They were speaking after Defence Minister Alan Shatter and the Defence Forces Chief of Staff, Lieutenant General Seán McCann, apologised on behalf of the state and the army for failing to properly protect the soldiers.
The admissions came on the strength of Frank Callanan SC’s independent report, which rejected the army’s long-held version of events.
Mr Callanan said proper procedures were not in place on the morning of March 21, 1989, when Corporal Fintan Heneghan, Private Mannix Armstrong and Private Tomás Walsh were killed by a land mine on a dirt track in south Lebanon.
He said the track where they were sent to collect rocks should have been swept for land mines.
Enda Heneghan, a spokesman for the families, said Mr Callanan found against the army in four out five issues examined. This comes after years in which military officials rejected negligence. “The findings in this report have done away with that cover-up,” he said.
Mr Callanan’s report found that procedures had been inappropriate; the threat had been improperly assessed; the land mine should and could have been found; and the soldiers did not have proper training.
Mr Shatter said there was no evidence that the army sought to hide what happened in the Lebanon.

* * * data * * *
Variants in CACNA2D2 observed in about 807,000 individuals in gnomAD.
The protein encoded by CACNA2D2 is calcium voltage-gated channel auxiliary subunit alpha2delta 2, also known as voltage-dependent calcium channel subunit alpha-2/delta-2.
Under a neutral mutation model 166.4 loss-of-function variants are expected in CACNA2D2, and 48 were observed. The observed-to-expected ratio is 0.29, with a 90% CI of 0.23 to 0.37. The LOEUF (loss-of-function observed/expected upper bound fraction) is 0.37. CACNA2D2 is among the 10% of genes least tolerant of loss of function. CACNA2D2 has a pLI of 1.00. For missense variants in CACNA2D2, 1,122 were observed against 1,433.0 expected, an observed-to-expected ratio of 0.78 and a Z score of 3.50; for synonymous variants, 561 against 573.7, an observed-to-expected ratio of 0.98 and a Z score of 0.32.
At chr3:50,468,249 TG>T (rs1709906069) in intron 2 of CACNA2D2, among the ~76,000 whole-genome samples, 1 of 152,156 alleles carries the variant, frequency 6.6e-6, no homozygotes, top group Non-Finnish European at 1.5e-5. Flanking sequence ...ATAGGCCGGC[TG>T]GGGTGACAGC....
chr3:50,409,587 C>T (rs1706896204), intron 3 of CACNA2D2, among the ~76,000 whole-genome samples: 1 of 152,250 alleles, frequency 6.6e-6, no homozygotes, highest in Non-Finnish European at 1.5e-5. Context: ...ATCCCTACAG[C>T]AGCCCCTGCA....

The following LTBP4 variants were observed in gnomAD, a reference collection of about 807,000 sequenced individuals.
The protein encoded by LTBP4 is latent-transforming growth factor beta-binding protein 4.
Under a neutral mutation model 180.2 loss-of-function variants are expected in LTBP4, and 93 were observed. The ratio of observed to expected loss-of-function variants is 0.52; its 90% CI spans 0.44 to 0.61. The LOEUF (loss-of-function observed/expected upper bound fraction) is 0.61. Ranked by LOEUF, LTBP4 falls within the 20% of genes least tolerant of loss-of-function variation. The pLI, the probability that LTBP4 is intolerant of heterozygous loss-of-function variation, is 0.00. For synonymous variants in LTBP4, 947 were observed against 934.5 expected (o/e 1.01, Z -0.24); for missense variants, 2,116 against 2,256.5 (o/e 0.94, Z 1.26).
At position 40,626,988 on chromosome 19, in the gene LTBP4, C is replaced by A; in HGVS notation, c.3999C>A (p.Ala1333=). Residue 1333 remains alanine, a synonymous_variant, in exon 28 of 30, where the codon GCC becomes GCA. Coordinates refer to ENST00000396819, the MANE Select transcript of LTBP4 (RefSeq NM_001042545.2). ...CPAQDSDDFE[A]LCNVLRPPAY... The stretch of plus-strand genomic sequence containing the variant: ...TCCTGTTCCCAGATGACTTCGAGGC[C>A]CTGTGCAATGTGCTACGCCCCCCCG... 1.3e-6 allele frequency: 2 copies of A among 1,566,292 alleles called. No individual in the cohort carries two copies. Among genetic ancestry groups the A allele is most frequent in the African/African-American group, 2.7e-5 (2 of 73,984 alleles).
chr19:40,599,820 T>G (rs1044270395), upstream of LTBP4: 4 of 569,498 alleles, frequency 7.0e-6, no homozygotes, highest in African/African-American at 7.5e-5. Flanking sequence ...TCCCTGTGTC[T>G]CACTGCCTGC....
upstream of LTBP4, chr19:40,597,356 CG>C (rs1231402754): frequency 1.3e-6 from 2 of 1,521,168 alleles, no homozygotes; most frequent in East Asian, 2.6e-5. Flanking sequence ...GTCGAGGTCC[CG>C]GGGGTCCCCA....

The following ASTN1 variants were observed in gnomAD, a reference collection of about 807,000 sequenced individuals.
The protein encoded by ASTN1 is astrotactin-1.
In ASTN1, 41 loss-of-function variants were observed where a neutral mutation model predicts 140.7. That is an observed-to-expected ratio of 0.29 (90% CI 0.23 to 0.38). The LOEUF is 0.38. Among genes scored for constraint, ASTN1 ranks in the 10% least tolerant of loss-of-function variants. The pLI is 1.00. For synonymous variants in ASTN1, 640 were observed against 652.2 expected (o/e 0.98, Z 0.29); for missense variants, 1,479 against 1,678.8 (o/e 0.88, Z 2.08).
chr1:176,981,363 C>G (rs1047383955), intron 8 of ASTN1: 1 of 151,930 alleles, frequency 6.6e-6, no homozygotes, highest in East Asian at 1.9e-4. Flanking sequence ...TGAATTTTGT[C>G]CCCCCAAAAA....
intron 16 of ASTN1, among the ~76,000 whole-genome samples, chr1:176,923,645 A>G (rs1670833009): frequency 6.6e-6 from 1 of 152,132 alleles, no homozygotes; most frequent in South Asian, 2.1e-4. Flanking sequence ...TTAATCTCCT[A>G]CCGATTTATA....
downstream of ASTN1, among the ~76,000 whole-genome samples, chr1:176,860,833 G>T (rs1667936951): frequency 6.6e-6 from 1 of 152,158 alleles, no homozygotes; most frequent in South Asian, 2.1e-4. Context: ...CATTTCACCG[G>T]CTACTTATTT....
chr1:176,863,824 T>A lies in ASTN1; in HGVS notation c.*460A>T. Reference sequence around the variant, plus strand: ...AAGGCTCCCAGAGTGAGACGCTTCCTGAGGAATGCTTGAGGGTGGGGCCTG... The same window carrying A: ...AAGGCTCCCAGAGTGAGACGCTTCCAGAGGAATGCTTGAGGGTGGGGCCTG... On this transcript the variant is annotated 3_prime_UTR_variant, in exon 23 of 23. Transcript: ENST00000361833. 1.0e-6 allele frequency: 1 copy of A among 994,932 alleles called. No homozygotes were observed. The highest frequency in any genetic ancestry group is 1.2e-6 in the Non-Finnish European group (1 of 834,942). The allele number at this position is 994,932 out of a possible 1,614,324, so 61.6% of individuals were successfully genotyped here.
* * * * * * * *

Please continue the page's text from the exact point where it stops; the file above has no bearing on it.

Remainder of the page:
“I don’t believe there was any cover-up,” he said.
Mr Shatter said “wrong judgments” had been made but these were not born out of maliciousness.
The report came on foot of fresh evidence from serving army Commandant Ray Lane, who had given unheeded warnings about the threat of land mines in the Irish area at the time.
But his recollections only came to light in April of this year as the state was preparing to defend a compensation claim by Pte Armstrong’s widow, Gráinne.
According to the army, Cmdt Lane was not approached to give evidence in an inquiry in 2003.
Lt Gen McCann said the army made the department aware of the significance of Cmdt Lane’s evidence as soon as it became known.
The report documents military inquiries in the aftermath of the incident, and the departmental report, delivered in 2003, which said there had been no fault on behalf of the army.
Mr Heneghan said he believed the army had not been unable to bring Cmdt Lane’s evidence to light before April but had been unwilling to do so.